Tatsunori Hara turned out to be the obvious and last real choice for Japan.
A successful manager of a high-profile team, Hara got the nod from commissioner Ryozo Kato on Monday after Nippon Professional Baseball's chief administrator met his advisory committee for the second time.
Hara's nomination--he has yet to accept--ended a roundabout process in which there were many opinions but little progress on who should manage Japan's team for the 2009 World Baseball Classic.
"Hara has had a good career and good results," said Japan's 2006 WBC manager Sadaharu Oh. "On top of that, he's energetic and enthusiastic."
The new commissioner, who stated early on he would take command of the process and make a decision this month, dropped Hara's name at Monday's meeting with his advisory committee, which included Oh.
"The commissioner brought up Hara, for the first time today and we all said, 'He'll do, won't he?'" Oh said.
Senichi Hoshino, who sat on the committee, had been in line for the job until his failure to lead Japan to a medal at the Beijing Olympics. After the group met on Oct. 15, Hoshino was still among the candidates despite his public refusals to be dragooned into the job.
Hoshino, who had not managed since getting the Hanshin Tigers to the Japan Series in 2003, was criticized as being out of touch. The 61-year-old did not speak to reporters after the meeting.
"When manager Hoshino dropped out, we were back to Square 1," Oh said. "We discussed the relative merits of having an active manager or one who is not currently on the field. In the end, we decided that the advantages of having someone who is engaged on the field outweigh the other concerns."
Katsuya Nomura, 75, the manager of the Tohoku Rakuten Golden Eagles was also considered a candidate for the job.
Oh, however, said that youth and health was an issue.
"You want someone with knowledge and experience but you also want someone healthy and energetic," said Oh, who retired as Fukuoka SoftBank Hawks skipper at the end of this season citing poor results and his own failing health.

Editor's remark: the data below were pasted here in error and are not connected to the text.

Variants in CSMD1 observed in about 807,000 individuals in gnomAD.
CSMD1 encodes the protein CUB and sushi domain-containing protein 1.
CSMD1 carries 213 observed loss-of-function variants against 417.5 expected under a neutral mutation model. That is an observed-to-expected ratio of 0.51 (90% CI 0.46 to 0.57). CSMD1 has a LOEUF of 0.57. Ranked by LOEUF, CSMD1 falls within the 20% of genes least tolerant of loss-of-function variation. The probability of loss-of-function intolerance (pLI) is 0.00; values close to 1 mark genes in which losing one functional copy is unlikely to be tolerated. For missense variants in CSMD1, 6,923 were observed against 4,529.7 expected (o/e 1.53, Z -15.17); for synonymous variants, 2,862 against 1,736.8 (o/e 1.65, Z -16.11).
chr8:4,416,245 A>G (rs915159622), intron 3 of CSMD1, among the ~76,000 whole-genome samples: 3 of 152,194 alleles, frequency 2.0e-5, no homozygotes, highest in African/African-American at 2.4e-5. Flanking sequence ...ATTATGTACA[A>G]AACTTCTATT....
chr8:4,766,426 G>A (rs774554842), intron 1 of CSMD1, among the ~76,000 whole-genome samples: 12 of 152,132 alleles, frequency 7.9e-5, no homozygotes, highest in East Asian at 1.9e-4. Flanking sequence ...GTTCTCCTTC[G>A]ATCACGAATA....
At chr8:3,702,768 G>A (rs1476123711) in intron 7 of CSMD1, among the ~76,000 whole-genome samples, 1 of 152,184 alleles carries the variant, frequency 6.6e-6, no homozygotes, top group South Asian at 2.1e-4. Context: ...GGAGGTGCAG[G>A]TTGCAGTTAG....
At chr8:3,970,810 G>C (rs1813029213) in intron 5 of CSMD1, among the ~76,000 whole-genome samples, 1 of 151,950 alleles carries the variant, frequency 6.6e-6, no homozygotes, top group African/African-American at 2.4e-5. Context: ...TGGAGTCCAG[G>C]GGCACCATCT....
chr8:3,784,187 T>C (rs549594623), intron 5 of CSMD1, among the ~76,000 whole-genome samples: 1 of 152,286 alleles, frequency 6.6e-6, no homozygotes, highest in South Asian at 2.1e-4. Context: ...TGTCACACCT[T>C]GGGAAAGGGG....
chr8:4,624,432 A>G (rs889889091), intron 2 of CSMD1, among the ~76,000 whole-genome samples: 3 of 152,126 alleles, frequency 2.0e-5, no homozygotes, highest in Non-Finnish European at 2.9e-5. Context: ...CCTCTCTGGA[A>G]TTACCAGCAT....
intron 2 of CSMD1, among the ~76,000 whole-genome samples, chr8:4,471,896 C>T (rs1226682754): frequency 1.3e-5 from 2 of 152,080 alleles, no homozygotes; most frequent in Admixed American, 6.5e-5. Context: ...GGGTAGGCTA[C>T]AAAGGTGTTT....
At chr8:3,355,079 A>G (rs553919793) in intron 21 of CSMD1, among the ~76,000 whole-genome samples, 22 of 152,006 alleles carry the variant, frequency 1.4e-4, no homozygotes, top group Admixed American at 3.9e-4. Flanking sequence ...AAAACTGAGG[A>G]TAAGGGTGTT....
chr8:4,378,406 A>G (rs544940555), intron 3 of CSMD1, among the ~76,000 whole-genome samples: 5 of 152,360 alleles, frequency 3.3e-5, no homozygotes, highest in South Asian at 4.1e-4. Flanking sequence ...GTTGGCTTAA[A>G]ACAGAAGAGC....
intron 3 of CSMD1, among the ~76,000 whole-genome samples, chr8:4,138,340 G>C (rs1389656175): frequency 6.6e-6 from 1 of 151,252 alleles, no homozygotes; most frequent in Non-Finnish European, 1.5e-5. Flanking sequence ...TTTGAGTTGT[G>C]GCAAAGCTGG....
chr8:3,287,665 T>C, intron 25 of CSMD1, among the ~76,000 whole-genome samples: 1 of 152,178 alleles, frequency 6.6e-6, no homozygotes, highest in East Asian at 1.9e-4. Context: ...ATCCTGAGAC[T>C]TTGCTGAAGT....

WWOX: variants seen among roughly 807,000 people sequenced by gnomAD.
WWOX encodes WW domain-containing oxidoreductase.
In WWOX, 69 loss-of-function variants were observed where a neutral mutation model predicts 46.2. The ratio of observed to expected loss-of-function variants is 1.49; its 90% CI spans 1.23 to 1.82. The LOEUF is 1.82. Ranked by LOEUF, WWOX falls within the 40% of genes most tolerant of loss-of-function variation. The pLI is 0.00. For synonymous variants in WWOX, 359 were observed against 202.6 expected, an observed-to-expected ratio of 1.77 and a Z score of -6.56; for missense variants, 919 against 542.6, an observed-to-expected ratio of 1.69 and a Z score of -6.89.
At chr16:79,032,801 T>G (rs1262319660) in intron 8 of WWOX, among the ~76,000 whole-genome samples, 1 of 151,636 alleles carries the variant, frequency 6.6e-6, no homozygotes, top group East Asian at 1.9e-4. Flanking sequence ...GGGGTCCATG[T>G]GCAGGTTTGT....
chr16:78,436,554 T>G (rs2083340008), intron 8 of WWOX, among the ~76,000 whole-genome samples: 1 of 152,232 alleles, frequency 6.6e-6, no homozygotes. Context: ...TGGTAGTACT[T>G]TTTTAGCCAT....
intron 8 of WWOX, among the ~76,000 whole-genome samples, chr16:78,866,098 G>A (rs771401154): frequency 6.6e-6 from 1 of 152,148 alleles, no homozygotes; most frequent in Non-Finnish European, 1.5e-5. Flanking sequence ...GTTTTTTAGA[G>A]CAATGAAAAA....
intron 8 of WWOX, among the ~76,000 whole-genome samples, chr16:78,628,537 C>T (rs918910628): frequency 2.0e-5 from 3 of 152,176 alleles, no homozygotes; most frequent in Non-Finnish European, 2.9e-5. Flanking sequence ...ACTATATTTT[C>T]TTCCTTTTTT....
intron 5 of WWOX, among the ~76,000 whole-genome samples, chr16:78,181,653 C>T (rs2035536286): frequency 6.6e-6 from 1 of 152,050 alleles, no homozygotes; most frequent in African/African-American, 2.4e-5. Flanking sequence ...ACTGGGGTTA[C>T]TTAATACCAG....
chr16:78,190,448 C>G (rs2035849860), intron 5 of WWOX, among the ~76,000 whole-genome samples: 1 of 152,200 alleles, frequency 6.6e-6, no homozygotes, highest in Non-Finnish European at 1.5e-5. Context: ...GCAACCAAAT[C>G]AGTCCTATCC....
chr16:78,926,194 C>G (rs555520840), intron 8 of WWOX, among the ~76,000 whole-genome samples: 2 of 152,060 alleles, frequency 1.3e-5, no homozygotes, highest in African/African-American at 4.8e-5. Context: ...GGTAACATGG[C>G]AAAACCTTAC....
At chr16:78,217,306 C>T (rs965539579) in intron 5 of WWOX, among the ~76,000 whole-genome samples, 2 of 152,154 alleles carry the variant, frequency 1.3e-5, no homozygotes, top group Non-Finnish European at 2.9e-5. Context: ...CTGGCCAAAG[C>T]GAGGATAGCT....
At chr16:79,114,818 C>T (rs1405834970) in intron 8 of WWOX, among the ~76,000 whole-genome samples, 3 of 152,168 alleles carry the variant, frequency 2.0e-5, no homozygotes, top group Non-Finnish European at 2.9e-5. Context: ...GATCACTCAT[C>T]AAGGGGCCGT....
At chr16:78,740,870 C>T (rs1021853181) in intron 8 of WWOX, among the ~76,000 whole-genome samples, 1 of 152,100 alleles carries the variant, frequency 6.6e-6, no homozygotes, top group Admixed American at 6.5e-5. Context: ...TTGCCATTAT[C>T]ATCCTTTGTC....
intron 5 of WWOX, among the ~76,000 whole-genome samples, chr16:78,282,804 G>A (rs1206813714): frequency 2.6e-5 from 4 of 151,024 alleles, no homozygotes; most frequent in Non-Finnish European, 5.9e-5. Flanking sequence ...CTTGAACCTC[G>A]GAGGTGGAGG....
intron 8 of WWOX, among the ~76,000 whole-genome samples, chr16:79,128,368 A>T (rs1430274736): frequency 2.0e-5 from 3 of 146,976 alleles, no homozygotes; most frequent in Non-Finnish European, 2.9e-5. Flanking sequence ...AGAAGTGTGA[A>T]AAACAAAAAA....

"I'll repeat what the commissioner said: that it's time for us to look to the next generation. Like me, Hara came up with Yomiuri. He understands that part of his job is seeing to the best interest of baseball as a whole. I think he'll accept and do a fine job.
"If he accepts and wants my council, I will give him everything I can."
After Hoshino removed himself from contention, there was a strong sentiment toward giving the job to the Japan Series winner. Kato to his credit declined that easy way out.
"The Japan Series does not start until Nov. 1, and we want to move forward with our preparations as quickly as possible," Kato said. "We don't want to wait and just see how things turn out.
"We have to put a team together soon. The 2009 WBC is going to be a much tougher fight."
Mayumi takes over Tigers
Former Tigers slugger Akinobu Mayumi was formally presented as Hanshin's new manager on Monday. He is returning to the team for the first time since retiring in 1995.
"My image of the team was always of our 1985 championship club," said Mayumi, who was the leadoff hitter for the power-laden Japan Series champs.
"But watching from behind the backnet [as an analyst], I have gained an appreciation for the value of defense. There are times when you won't score if you are only waiting for hits. I want a varied offense employing well-executed base running, bunts and the hit and run."